Federal election 2022: Anthony Albanese releases Labor’s costings two days before polling day

Headshot of Lanai Scarr
Lanai ScarrThe West Australian
Labor will spend $7.4 billion on its election commitments over the forward estimates according to its costings documents released today.
Camera IconLabor will spend $7.4 billion on its election commitments over the forward estimates according to its costings documents released today. Credit: LUKAS COCH/AAPIMAGE

Labor will spend $8.4 billion more than the Coalition on its election commitments over the forward estimates, according to costings documents released today.

Shadow treasurer Jim Chalmers and shadow finance minister Katy Gallagher today released the costings, just two days before polling day.

But Labor leader Anthony Albanese was nowhere to be seen as he travelled to Brisbane.

Labor’s total deficit over four years will be $231.9 billion, $8.4 billion more than the Coalition’s $223.5 billion.

The ALP claimed it was spending $7.4 billion more than the Coalition, but that figure was based on the March Budget and the Government has since unveiled $1 billion in savings in its election commitment costings.

READ LABOR’S COSTING DOCUMENT IN FULL

The costings document stated the policy commitments “will have a net aggregate impact of $7.4 billion over the forward estimates compared to the underlying cash balance outlined in the 2022 PEFO”.

“Labor’s election commitments are measured and modest compared to the Government’s commitments in the election period (2021 MYEFO, 2022 Budget), which total $45 billion and $39 billion respectively,” the document states.

“The difference between Labor and the Government’s budget positions is a clear statement of the choice at this election: an Albanese Government will deliver a Better Future with cheaper child care, cheaper and cleaner energy and a better trained workforce.”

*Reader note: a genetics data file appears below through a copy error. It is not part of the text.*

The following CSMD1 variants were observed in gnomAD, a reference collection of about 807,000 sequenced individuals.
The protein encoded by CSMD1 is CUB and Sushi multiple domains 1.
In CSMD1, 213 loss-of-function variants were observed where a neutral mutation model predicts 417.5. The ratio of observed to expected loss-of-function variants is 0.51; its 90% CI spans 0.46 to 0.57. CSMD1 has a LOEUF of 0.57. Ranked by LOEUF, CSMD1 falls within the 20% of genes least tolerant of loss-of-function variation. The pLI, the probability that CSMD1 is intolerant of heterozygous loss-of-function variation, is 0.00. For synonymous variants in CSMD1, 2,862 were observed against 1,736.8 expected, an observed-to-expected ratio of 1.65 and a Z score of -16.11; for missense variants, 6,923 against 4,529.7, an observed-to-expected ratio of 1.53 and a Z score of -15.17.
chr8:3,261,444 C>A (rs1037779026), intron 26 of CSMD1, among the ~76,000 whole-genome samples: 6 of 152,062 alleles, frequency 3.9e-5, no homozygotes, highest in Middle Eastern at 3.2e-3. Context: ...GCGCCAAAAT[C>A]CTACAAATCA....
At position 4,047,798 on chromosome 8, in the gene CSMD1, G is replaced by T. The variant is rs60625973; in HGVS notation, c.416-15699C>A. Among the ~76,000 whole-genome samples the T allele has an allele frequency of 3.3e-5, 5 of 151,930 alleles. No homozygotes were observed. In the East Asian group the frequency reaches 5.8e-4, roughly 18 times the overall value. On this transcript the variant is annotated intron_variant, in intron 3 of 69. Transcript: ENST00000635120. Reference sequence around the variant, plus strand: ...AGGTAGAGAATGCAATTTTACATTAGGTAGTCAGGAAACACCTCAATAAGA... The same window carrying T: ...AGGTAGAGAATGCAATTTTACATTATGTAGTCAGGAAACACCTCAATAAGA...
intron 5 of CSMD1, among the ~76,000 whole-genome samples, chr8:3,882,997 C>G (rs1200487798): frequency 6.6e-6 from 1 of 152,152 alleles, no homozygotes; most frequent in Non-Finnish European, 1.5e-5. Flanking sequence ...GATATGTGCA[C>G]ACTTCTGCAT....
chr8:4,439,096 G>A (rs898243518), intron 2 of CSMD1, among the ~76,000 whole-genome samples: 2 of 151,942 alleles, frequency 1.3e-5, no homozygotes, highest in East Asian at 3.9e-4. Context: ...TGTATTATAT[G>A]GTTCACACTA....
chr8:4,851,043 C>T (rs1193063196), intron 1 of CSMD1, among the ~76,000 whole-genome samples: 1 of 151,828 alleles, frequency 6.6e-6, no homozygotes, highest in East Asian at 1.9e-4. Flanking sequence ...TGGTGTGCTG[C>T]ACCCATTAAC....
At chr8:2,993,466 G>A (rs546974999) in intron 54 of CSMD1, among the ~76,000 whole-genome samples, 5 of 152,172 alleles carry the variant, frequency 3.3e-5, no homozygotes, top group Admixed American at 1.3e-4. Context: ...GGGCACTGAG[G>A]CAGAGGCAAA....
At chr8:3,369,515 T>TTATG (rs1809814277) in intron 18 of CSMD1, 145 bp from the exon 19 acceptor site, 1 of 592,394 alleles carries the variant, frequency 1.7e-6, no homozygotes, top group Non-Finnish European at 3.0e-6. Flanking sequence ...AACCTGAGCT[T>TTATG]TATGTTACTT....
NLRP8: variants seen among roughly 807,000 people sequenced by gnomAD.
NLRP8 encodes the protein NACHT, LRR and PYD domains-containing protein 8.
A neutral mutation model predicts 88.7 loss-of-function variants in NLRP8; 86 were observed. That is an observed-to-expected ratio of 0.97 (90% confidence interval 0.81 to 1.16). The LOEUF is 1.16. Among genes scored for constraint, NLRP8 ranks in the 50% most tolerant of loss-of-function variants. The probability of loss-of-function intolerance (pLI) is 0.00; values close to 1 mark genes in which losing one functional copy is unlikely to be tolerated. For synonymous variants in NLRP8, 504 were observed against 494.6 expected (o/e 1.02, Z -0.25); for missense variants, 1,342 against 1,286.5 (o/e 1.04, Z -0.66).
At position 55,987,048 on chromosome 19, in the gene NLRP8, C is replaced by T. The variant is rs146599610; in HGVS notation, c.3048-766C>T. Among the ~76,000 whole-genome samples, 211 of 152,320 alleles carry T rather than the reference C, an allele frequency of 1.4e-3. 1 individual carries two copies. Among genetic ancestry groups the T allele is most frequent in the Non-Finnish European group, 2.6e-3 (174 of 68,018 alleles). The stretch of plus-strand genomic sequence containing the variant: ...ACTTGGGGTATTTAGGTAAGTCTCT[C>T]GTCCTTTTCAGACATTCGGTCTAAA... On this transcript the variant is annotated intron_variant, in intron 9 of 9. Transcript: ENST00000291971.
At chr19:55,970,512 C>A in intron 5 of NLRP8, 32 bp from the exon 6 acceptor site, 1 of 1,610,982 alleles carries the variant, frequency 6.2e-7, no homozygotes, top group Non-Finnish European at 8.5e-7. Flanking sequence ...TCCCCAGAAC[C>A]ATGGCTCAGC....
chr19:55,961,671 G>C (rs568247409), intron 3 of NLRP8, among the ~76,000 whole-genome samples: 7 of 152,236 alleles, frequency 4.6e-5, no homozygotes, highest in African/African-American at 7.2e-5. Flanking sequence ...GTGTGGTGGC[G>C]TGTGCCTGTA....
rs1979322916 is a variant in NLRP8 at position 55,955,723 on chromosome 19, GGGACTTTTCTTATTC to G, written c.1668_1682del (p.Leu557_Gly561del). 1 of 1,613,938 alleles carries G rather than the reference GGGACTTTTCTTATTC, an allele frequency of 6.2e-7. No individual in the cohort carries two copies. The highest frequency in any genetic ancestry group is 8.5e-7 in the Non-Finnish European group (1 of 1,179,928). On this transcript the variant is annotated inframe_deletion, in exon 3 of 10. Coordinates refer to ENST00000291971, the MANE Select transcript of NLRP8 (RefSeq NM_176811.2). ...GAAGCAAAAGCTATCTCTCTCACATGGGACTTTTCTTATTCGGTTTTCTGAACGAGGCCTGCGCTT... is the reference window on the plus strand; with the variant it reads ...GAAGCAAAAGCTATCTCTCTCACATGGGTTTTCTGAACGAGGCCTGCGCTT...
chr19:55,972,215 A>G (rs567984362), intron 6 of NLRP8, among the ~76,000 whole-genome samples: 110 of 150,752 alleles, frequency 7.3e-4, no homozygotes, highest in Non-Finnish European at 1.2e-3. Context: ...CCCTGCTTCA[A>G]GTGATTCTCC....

The total cost of Labor’s policies is $18.9 billion. The ALP said it would save $11.5 billion over the forward estimates.

“These decisions are not taken lightly,” Dr Chalmers said from Canberra.

“We feel that the budget would be weaker without investing in crucial economic policies like childcare cleaner and cheaper energy and training. So we’ve made that judgment not lightly, but in the interest of the economy into the future.”

Mr Albanese defended the costings, saying the spend would not push up inflation and deliver returns for the economy “really quickly”.

He said the spending paled in comparison to the Coalition’s wasted money on, among other things, the failed French submarine contract.

“It pales into insignificance compared with the extraordinary waste that we’ve seen from this government. Five and a half-billion dollars for submarines that didn’t actually build a dinghy. Let alone a sub,” Mr Albanese said.

SYDNEY, AUSTRALIA - MAY 19: Australian Labor Leader Anthony Albanese speaks to the media during a visit to a Goodstart Early Learning Centre in West Ryde  on May 19, 2022 in Sydney, Australia. The Australian federal election is 21 May.  (Photo by Lisa Maree Williams/Getty Images)
Camera IconAustralian Labor Leader Anthony Albanese. Credit: Lisa Maree Williams/Getty Images

He also would not rule out any additional cuts if elected in order to pay for his spending pledges.

He said voters could trust Labor to be fiscally responsible.

“This (the Coalition) is the most wasteful government since Federation. This Government has spent more, borrowed more and it has taxed more than the previous Labour government,” Mr Albanese said.

Labor has committed to delivering a Budget in October if elected.

“That Budget will go through line by line where the Government has these hidden funds,” the Opposition Leader said.

“We’ll have a look at what’s there. But we’ve been very transparent about what we will do and what we won’t be doing.”

Mr Albanese said the benefits of Labor’s election policies would happen soon.

“You’ll start to see a return on areas like our clean energy policy really quickly,” he said.

“You know why? Because it will send a signal that business have been asking for immediately. That’s what they’ve been crying out for.”

Prime Minister Scott Morrison said the Labor Party could not manage money.

“What we’ve always seen from the Labor Party is when they can’t manage money, they come after yours in higher taxes. That is the risk this Saturday,” Mr Morrison said.

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